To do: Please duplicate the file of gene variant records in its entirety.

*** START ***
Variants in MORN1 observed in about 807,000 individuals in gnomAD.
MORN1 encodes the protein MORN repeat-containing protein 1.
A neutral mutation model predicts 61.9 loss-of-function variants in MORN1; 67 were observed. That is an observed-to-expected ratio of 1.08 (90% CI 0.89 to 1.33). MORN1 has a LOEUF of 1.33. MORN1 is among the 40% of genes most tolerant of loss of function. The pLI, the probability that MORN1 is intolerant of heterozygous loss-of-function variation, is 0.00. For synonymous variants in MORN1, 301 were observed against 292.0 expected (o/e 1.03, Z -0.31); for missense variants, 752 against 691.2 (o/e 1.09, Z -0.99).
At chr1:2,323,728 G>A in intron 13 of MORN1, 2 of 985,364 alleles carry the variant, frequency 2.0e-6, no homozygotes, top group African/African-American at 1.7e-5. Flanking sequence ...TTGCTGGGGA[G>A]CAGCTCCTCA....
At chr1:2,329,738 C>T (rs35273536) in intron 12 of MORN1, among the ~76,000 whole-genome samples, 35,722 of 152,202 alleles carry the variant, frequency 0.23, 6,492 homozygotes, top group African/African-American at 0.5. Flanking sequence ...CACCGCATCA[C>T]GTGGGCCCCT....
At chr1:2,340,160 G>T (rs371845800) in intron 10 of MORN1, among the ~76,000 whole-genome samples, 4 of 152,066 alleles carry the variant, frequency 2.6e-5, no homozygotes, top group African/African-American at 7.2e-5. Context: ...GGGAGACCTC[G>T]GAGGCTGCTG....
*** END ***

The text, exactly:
Variants in MORN1 observed in about 807,000 individuals in gnomAD.
MORN1 encodes the protein MORN repeat-containing protein 1.
A neutral mutation model predicts 61.9 loss-of-function variants in MORN1; 67 were observed. That is an observed-to-expected ratio of 1.08 (90% CI 0.89 to 1.33). MORN1 has a LOEUF of 1.33. MORN1 is among the 40% of genes most tolerant of loss of function. The pLI, the probability that MORN1 is intolerant of heterozygous loss-of-function variation, is 0.00. For synonymous variants in MORN1, 301 were observed against 292.0 expected (o/e 1.03, Z -0.31); for missense variants, 752 against 691.2 (o/e 1.09, Z -0.99).
At chr1:2,323,728 G>A in intron 13 of MORN1, 2 of 985,364 alleles carry the variant, frequency 2.0e-6, no homozygotes, top group African/African-American at 1.7e-5. Flanking sequence ...TTGCTGGGGA[G>A]CAGCTCCTCA....
At chr1:2,329,738 C>T (rs35273536) in intron 12 of MORN1, among the ~76,000 whole-genome samples, 35,722 of 152,202 alleles carry the variant, frequency 0.23, 6,492 homozygotes, top group African/African-American at 0.5. Flanking sequence ...CACCGCATCA[C>T]GTGGGCCCCT....
At chr1:2,340,160 G>T (rs371845800) in intron 10 of MORN1, among the ~76,000 whole-genome samples, 4 of 152,066 alleles carry the variant, frequency 2.6e-5, no homozygotes, top group African/African-American at 7.2e-5. Context: ...GGGAGACCTC[G>T]GAGGCTGCTG....